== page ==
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Value Oriented Restaurants Such as T.G.I. Friday's and The Original Pancake House
 Find Niche with Casino Hotels
 
By Howard Stutz, Las Vegas Review-JournalMcClatchy-Tribune Regional News

Apr. 6, 2008 - -Mike English pops into the Green Valley Ranch Resort every now and then to place a sports wager.

The Original Pancake House inside the Henderson casino, however, brings him into the gambling hall more often.

The restaurant, a franchise of the nationwide chain, has been part of Green Valley Ranch since the resort's opening in 2001. Stephan Freudenberger, who is the Clark County franchise holder for Original Pancake House with his wife, Kim, said revenues at the Green Valley Ranch restaurant easily surpass the business brought in at any of their three other Las Vegas Valley locations.

"It's been a good relationship," Freudenberger said. "Good for us and I think good for the casino as well."

Station Casinos executives hope the restaurant customers will also spend a few dollars gambling before or after they eat, just as English does on occasion.

"We might play slot machines every now and then, but not much," said English, who was dining with Jessica Fairlamb one morning at the Original Pancake House. "We come here maybe two or three times a week to eat because it's good and convenient."

The relationship between Station Casinos and the Original Pancake House is being replicated throughout the gaming industry's locals market.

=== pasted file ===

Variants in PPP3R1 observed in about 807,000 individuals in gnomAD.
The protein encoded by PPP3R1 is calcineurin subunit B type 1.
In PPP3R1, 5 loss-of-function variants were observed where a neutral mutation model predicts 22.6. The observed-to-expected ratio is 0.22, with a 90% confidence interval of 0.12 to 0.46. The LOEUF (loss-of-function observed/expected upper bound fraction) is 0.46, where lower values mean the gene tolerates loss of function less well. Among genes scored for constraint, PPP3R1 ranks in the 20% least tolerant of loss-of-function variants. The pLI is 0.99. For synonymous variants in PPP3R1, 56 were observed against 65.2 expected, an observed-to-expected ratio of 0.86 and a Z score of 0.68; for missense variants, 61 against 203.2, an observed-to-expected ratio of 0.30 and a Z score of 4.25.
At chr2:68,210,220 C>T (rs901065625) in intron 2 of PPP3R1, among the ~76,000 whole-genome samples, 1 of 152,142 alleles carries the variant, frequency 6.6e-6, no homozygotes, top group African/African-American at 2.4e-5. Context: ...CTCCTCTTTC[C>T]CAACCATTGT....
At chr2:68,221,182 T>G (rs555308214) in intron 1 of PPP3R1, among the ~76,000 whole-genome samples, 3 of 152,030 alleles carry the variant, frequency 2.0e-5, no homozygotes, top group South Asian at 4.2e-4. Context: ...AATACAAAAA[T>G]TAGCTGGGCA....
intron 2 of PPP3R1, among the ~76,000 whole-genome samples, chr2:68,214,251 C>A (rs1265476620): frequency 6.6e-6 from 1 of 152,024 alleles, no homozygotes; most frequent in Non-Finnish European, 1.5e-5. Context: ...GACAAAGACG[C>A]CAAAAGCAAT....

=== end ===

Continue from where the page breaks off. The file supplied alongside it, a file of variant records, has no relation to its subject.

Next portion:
Strip casinos attract Emeril Lagasse, Kerry Simon, Charlie Trotter, Mario Batali and other celebrity chefs, along with their legions of foodie followers. Branches of famous, high-priced New York eateries, such as Rao's and Mesa Grill, have set up shop on Las Vegas Boulevard as well.

Local casino companies are bringing in famous names from the value-oriented restaurant market. Last year, Boyd Gaming Corp. added a T.G.I. Friday's to The Orleans' menu of restaurants. On a smaller scale, Dunkin' Donuts will have stores in several Boyd Gaming casinos.

Station Casinos, in addition to bringing The Salt Lick Bar-B-Que from Austin, Texas, to Red Rock Resort and Santa Fe Station, has asked Original Pancake House to put another branch inside the $675 million Aliante Station, which is scheduled to open later this year in North Las Vegas, and take on a larger role. The restaurant will serve as the hotel-casino's primary dining restaurant.

"It's a tremendous opportunity for us and also for our franchise," Freudenberger said.

Restaurant competition is increasing throughout suburban Las Vegas and casino operators want to ensure customers view the resorts as a one-stop location, a place to both gamble and dine.

"We've listened to our guests, and they have told us they want great food in a place they are comfortable with that has value," said Mark LaVoie, corporate vice president of food and beverage for Station Casinos.

That means, LaVoie said, not only must Station Casinos offer their company-branded eateries, such as the Broiler seafood restaurant or The Feast buffet, but well-known franchises, such as Original Pancake House.

"I would agree these restaurants definitely make a difference with our customers," LaVoie said. "There is a good familiarity and they are a way for our customers to stretch their dollars."

Boyd Gaming Vice President of Communications Rob Stillwell agreed that customers are more comfortable with familiar restaurants. For example, the company has had a long relationship with Tony Roma's, a casual dining restaurant that specializes in ribs. Tony Roma's has operated inside the company's Fremont for more than 15 years. Another Tony Roma's operated for 10 years inside the company's since-imploded Stardust on the Strip.

Stillwell said T.G.I. Friday's has brought loyal customers to The Orleans since the restaurant opened last year.

"For us, it's about partnering with known brands," Stillwell said.